For a better visual of the Airborne scene in Darkness Divides

I wanted to wait until most people had a chance to read Darkness Divides before posting this.  It’s a video of the same plane (Casa-212) and type of parachute Melena used in the book.  The main difference being this takes place at Ft. Bragg, North Carolina during the daytime (plus the troops are using proper military procedures instead of Mel’s improvising).  You can see how Melena would have strapped her pack to the front of her similar to the way they do.  These troops are probably carrying upwards of 100 pounds on them, which makes it rather awkward to walk.

I’ve actually jumped on the same drop zone this video shows about a dozen times, often using that plane, so I did draw heavily from those experiences for the novel.  Hopefully this gives you a better idea for what it would feel like to do it.

 

Direct link:  https://www.youtube.com/watch?v=WAwIzpHfOaY

8 Replies to “For a better visual of the Airborne scene in Darkness Divides”

  1. It was so quiet after they jumped! I wasn’t expecting that, but it does make sense. It was like floating down, but then at the end, the ground came up very fast. amazing! Also, I thought they would land closer together… Very interesting. Thank you so much for posting this!

    • It’s usually quiet after you slow down and your parachute opens. That’s my favorite part. Plus it looks like it was the perfect weather for the jump in the video so the guy had a nice, smooth landing. It does come up quick once you get close to the ground.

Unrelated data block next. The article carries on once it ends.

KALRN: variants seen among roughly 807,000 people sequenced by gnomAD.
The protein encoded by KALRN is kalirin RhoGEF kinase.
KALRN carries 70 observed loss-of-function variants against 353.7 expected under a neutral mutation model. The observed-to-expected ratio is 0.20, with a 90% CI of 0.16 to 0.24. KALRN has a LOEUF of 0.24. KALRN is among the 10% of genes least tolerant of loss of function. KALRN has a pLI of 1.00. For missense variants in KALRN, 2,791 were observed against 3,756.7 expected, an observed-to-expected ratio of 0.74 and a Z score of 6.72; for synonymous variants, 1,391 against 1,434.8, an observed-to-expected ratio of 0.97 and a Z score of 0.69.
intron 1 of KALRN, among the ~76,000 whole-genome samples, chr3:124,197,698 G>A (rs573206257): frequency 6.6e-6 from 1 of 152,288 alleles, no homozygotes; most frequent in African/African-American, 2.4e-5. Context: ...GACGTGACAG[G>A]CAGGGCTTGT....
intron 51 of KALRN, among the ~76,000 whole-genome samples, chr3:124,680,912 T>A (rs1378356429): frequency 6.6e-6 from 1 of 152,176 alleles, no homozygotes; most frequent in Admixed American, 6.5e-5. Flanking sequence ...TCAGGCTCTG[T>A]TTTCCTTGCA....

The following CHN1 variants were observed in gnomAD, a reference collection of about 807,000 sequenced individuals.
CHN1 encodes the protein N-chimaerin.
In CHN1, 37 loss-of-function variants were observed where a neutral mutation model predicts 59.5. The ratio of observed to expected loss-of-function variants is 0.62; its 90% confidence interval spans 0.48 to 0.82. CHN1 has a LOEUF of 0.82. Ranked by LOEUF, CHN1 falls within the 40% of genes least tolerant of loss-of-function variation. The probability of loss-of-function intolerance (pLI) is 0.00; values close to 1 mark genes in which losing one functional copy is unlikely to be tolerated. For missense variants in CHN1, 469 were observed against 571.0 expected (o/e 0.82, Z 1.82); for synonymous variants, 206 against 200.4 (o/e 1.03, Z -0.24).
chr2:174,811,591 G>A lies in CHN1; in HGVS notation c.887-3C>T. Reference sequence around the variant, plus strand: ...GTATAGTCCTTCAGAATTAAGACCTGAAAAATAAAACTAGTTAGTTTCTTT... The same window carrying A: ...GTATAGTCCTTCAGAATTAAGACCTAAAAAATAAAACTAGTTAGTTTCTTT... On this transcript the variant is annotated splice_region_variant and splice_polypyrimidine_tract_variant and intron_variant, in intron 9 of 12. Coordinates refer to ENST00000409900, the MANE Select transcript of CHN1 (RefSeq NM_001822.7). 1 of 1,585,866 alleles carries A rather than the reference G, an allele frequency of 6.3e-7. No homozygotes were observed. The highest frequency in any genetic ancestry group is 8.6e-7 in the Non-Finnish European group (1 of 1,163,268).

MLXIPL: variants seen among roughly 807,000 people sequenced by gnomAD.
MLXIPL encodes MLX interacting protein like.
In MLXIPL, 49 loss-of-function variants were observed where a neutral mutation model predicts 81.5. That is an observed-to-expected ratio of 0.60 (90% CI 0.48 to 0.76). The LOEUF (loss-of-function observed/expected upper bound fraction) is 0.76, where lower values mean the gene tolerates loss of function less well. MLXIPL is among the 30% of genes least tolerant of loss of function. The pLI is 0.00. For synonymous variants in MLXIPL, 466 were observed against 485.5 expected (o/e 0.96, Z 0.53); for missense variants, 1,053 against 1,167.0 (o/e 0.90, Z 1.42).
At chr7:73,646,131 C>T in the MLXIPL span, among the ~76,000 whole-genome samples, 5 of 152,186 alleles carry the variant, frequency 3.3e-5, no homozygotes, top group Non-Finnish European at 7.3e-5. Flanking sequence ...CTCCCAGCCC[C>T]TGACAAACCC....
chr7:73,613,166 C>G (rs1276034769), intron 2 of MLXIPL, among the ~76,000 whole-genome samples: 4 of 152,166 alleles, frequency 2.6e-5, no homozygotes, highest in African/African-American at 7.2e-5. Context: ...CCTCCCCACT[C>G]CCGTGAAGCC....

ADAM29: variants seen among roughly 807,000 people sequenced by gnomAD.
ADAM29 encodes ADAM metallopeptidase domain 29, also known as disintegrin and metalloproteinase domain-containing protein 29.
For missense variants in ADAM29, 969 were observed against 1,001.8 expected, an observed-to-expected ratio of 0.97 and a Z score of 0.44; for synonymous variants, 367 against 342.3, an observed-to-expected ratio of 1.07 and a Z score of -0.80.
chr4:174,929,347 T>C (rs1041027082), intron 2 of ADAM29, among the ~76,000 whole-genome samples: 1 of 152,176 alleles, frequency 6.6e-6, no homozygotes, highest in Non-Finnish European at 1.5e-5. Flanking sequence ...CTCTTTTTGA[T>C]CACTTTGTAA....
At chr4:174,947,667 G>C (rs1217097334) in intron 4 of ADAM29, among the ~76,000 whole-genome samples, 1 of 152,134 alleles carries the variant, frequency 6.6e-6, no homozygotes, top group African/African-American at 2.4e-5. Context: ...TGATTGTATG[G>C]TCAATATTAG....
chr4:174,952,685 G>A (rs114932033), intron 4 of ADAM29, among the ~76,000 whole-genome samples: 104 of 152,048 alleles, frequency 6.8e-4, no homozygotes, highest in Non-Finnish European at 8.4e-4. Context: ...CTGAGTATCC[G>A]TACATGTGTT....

As for them being far apart, that’s mostly because they jumped from the tailgate one person at a time. If you were to use a C-17 instead they’d probably have jumpers going out the side doors of the plane simultaneously. Then you can end up really close to the guy who exits the same time as you do.

      In one case, as soon as my chute opened my legs swung right into someone else’s parachute. We were jumping at 800 feet that night(almost half the altitude of what you saw on the video) and I had little time to get away from him. Once I did the ground was already getting very close (it was dark and harder to see). My legs weren’t bent enough so I did a feet-to-head landing, meaning I had arched backward when I hit.

      The full force of the landing went straight into my lower back and locked it up. It hurt so badly I couldn’t move for a few minutes. Just try to breathe. Eventually I got up and hauled all my gear off the drop zone. Never could arch backward much after that, though I did another twenty jumps before getting out of the army. The military doctors claimed there was no permanent damage (from that incident) and that I could keep jumping. I banged myself up a few other times during Airborne operations, but that was one of the more painful ones.

      One thing I can say for the Casa is I never got hurt jumping from it.

        • Yeah, if I hadn’t started doing it at eighteen years old it would have been a lot harder to learn how to flip off that self-preservation switch. People in Airborne units tend to be a little crazier than average. If I told stories from my time back in those units people would call them unbelievable.

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